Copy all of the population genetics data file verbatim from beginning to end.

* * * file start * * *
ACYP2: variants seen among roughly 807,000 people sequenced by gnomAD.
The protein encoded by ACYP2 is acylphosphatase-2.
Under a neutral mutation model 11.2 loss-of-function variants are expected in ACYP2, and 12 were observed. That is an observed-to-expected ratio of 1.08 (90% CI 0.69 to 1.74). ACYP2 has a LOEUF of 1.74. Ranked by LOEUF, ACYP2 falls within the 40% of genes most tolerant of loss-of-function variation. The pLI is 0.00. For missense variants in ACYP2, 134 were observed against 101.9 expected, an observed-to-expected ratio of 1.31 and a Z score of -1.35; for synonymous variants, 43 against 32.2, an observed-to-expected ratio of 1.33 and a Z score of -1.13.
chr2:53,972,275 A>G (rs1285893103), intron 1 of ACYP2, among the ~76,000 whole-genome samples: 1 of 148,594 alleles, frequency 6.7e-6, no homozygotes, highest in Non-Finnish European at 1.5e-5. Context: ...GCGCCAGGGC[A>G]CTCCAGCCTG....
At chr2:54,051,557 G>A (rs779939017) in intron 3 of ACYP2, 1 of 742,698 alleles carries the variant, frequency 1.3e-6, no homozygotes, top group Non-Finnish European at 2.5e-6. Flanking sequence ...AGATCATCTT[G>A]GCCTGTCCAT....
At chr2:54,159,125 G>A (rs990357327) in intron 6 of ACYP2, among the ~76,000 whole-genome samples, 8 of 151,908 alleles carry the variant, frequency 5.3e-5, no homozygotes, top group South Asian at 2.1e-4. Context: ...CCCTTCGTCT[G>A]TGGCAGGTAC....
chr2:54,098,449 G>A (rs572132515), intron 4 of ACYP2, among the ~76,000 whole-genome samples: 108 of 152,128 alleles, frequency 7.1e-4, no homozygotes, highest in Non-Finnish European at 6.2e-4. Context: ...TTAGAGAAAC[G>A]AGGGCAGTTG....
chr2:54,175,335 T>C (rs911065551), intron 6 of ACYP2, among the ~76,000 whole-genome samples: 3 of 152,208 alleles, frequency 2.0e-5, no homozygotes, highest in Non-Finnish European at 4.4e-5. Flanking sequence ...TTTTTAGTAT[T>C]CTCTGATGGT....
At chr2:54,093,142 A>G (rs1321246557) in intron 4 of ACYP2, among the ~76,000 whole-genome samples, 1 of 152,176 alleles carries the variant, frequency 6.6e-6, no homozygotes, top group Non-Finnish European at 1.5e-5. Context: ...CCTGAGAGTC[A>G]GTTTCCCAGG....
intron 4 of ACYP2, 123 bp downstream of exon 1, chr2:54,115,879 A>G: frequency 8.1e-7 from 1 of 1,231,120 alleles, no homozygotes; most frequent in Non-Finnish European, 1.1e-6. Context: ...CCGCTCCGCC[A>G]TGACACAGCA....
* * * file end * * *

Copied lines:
ACYP2: variants seen among roughly 807,000 people sequenced by gnomAD.
The protein encoded by ACYP2 is acylphosphatase-2.
Under a neutral mutation model 11.2 loss-of-function variants are expected in ACYP2, and 12 were observed. That is an observed-to-expected ratio of 1.08 (90% CI 0.69 to 1.74). ACYP2 has a LOEUF of 1.74. Ranked by LOEUF, ACYP2 falls within the 40% of genes most tolerant of loss-of-function variation. The pLI is 0.00. For missense variants in ACYP2, 134 were observed against 101.9 expected, an observed-to-expected ratio of 1.31 and a Z score of -1.35; for synonymous variants, 43 against 32.2, an observed-to-expected ratio of 1.33 and a Z score of -1.13.
chr2:53,972,275 A>G (rs1285893103), intron 1 of ACYP2, among the ~76,000 whole-genome samples: 1 of 148,594 alleles, frequency 6.7e-6, no homozygotes, highest in Non-Finnish European at 1.5e-5. Context: ...GCGCCAGGGC[A>G]CTCCAGCCTG....
At chr2:54,051,557 G>A (rs779939017) in intron 3 of ACYP2, 1 of 742,698 alleles carries the variant, frequency 1.3e-6, no homozygotes, top group Non-Finnish European at 2.5e-6. Flanking sequence ...AGATCATCTT[G>A]GCCTGTCCAT....
At chr2:54,159,125 G>A (rs990357327) in intron 6 of ACYP2, among the ~76,000 whole-genome samples, 8 of 151,908 alleles carry the variant, frequency 5.3e-5, no homozygotes, top group South Asian at 2.1e-4. Context: ...CCCTTCGTCT[G>A]TGGCAGGTAC....
chr2:54,098,449 G>A (rs572132515), intron 4 of ACYP2, among the ~76,000 whole-genome samples: 108 of 152,128 alleles, frequency 7.1e-4, no homozygotes, highest in Non-Finnish European at 6.2e-4. Context: ...TTAGAGAAAC[G>A]AGGGCAGTTG....
chr2:54,175,335 T>C (rs911065551), intron 6 of ACYP2, among the ~76,000 whole-genome samples: 3 of 152,208 alleles, frequency 2.0e-5, no homozygotes, highest in Non-Finnish European at 4.4e-5. Flanking sequence ...TTTTTAGTAT[T>C]CTCTGATGGT....
At chr2:54,093,142 A>G (rs1321246557) in intron 4 of ACYP2, among the ~76,000 whole-genome samples, 1 of 152,176 alleles carries the variant, frequency 6.6e-6, no homozygotes, top group Non-Finnish European at 1.5e-5. Context: ...CCTGAGAGTC[A>G]GTTTCCCAGG....
intron 4 of ACYP2, 123 bp downstream of exon 1, chr2:54,115,879 A>G: frequency 8.1e-7 from 1 of 1,231,120 alleles, no homozygotes; most frequent in Non-Finnish European, 1.1e-6. Context: ...CCGCTCCGCC[A>G]TGACACAGCA....